by nulliparity, long duration of the first stage of labour
and especially of the second stage, bearing down or the
very last phase of the pushing phase. Risk of tearing was
increased by lack of manual perineal protection, no
visualisation of perineum, severe perineal oedema, vac-
uum extraction, use of oxytocin, epidural anaesthesia,
episiotomy and high infant weight (Table 3). All factors
Table 2. Obstetric characteristics of women included in the study.
Values are given as n (%).
(n = 1296)
(n = 1587)
were processed by stepwise logistic regression analysis,
including those factors that were not significantly asso-
ciated with outcome in the univariate model (Table 4 ) .
Slight perineal oedema, short duration of bearing down,
manual perineal protection, and parity all reduced the
risk of sphincter tear whereas no visualisation of per-
ineum and high infant birthweight independently
increased the risk.
Table 4 shows the comparison in outcomes between
nulliparous and multiparous women. Significant inter-
actions were found between anal sphincter tears and no
visualisation of perineum, manual perineal protection
and birthweight. Manual perineal protection had a
stronger influence on lowering the frequency of anal
sphincter tears in nulliparous women. No visualisation
of perineum and high birthweight had a stronger influ-
ence of raising the frequency of anal sphincter tears in
nulliparous than in parous women.
The prospective design of the study was a prerequisite
in order to obtain critical information concerning mode
of delivery and the way labour was assisted. Such data
are usually not possible to retrieve from standard birth
records and much effort was put into the preparation of
the protocols with active participation of the staff to
ensure high quality of the acquired information. The aim
was to recruit all women admitted consecutively during
the study period to avoid selection bias, but only 77.4%
of those admitted were entered into the study due to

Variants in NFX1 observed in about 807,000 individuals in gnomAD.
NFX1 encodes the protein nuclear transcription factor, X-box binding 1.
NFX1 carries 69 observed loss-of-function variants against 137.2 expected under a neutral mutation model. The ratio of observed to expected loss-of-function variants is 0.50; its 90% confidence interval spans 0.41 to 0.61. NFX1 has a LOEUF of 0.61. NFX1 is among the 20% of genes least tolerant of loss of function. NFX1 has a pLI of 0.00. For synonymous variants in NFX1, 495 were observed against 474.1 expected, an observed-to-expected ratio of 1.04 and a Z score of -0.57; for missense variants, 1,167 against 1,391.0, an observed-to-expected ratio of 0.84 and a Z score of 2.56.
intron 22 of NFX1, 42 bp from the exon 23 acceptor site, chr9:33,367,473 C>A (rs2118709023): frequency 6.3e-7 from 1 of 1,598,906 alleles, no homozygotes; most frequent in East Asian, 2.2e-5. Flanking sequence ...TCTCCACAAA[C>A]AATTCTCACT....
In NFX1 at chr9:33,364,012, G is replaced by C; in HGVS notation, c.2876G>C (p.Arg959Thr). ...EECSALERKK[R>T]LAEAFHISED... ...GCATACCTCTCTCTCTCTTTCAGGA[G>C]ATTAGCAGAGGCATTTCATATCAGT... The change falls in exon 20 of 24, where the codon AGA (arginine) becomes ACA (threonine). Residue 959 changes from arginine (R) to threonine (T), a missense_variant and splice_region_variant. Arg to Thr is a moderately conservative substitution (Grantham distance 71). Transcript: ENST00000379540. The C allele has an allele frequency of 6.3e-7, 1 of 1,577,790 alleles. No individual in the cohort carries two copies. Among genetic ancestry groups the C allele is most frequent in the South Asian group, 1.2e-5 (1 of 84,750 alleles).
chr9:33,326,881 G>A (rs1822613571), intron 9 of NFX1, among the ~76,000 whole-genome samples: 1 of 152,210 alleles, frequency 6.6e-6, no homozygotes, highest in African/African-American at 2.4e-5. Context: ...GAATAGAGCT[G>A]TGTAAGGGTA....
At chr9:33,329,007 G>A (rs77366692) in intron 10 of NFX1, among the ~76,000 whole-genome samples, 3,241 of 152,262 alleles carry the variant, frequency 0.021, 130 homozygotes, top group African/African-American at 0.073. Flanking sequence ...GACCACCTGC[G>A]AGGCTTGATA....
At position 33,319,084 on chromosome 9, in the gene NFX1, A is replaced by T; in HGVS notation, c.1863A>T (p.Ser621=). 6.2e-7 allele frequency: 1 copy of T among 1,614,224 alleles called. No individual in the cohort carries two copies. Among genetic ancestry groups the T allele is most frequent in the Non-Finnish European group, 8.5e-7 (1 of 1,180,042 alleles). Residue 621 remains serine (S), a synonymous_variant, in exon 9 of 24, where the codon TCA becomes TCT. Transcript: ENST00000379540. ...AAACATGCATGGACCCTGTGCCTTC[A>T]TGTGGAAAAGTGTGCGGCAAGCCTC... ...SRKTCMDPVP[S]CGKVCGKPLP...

shortage of staff during busy hours and the cumbersome
nature of the study protocols. Analysis of those
excluded from the study showed that this group was
comparable to the study group with regard to most
important characteristics. There was, however, a some-
what higher frequency of vacuum deliveries among the
0 RCOG 2000 Br J Obstet Gynaecol 107,926-93 1
RISK FACTORS FOR ANAL SPHINCTER TEARS
Table 3. Univariate analyses of the association between intrapartum variables and sphincter tear. Values are given as n/nTota,
Sphincter tear incidence
OR (95% CI)
t 2 previous deliveries
1 previous delivery
Infant weight (kg)
Duration of first stage of labour
Duration of second stage of labour
< 30 min
2 90 min
Duration of bear down
2 60 min
Time from presenting part visible in vulva during contraction to delivery
< 5 min
2 25 min
Manual perineal protection
Visualisation of perineum during last phase of bear down
Use of oxytocin during first stage
Use of oxytocin during second stage
4/489 (0.8 )
2.40 ( 1.23-4.69)
1 s o
1 s o
2.9 1 (1.8M.70)
0 RCOG 2000 Br J Obstet Gynaecol 107,92693 1
930 E. SAMUELSSON ET AL.
Table 4. Risk factors significantly associated with the occurrence of anal sphincter tear as analysed with logistic multiple regression (columns
2 and 3). The difference between nulliparous and multiparous women was analysed with analysis of variance and expressed as main effect